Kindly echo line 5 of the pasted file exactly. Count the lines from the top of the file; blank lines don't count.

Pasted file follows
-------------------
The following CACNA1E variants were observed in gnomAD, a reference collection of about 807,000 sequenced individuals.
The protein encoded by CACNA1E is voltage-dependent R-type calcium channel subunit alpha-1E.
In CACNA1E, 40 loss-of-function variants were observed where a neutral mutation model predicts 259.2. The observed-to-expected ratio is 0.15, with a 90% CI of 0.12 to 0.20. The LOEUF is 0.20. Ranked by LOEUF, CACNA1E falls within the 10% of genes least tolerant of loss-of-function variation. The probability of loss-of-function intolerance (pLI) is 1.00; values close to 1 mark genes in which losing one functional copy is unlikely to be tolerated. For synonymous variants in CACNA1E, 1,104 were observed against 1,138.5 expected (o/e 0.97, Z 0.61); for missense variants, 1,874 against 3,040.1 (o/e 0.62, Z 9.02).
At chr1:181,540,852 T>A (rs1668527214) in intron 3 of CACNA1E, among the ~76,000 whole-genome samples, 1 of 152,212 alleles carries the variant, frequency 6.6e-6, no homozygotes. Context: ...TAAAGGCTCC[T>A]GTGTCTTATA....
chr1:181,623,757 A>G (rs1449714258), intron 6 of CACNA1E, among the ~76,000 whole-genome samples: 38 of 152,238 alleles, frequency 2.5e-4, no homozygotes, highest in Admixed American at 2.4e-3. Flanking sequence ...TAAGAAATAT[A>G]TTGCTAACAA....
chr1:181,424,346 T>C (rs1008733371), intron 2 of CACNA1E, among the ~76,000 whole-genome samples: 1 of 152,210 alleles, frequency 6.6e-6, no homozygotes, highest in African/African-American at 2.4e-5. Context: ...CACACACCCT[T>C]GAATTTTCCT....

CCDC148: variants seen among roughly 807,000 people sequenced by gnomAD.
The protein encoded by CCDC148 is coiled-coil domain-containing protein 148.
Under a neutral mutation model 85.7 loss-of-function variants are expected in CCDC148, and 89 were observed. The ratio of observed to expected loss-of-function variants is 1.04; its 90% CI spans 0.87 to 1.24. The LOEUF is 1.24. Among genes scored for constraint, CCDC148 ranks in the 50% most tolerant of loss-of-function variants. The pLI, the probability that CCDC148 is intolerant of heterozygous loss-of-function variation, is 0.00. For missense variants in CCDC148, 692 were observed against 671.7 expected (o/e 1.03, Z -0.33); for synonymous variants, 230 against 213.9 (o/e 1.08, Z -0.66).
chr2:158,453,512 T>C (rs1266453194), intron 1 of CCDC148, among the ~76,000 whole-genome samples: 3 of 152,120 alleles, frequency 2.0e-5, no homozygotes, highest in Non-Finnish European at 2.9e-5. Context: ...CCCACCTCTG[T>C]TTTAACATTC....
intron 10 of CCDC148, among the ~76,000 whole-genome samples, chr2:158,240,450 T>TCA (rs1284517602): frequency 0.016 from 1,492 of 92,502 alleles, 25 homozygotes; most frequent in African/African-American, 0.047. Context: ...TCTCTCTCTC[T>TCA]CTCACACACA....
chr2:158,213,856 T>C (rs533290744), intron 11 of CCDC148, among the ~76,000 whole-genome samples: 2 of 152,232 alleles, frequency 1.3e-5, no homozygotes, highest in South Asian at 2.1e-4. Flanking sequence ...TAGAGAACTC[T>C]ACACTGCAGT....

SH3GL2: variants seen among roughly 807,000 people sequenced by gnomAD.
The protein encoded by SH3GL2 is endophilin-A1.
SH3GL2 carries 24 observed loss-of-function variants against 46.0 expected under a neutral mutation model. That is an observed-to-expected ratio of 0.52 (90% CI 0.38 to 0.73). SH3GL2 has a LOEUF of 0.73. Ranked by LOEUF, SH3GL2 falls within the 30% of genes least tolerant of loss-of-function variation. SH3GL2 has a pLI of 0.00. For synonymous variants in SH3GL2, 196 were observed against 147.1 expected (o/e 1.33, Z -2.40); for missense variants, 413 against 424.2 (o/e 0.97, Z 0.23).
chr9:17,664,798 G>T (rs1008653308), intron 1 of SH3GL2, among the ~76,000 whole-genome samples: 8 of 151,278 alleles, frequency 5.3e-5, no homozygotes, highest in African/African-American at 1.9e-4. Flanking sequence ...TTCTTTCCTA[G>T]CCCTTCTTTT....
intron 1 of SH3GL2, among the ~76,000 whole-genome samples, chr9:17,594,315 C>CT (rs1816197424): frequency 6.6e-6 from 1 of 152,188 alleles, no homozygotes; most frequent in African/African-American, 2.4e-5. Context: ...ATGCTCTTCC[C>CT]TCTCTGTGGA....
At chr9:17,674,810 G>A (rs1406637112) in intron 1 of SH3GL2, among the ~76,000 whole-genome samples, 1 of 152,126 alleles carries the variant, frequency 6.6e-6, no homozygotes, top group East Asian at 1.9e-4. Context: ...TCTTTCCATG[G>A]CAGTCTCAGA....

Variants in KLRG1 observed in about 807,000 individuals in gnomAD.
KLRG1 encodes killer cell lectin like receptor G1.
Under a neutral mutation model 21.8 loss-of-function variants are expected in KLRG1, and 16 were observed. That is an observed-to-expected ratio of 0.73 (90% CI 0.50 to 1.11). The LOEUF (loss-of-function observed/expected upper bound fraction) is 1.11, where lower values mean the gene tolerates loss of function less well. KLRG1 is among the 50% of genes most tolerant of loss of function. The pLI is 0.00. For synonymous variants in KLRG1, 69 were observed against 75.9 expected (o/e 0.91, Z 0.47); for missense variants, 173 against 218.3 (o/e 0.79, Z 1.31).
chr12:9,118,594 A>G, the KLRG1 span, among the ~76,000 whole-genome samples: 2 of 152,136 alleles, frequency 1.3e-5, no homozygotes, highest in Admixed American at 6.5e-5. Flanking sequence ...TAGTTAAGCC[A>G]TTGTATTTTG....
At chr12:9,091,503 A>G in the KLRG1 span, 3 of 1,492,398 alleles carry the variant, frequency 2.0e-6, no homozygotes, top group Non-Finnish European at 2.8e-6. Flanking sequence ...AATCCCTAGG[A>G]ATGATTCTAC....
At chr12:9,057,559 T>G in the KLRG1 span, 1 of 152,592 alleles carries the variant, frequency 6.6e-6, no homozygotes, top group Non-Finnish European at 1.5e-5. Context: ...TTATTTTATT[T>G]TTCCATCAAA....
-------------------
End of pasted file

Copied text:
chr1:181,623,757 A>G (rs1449714258), intron 6 of CACNA1E, among the ~76,000 whole-genome samples: 38 of 152,238 alleles, frequency 2.5e-4, no homozygotes, highest in Admixed American at 2.4e-3. Flanking sequence ...TAAGAAATAT[A>G]TTGCTAACAA....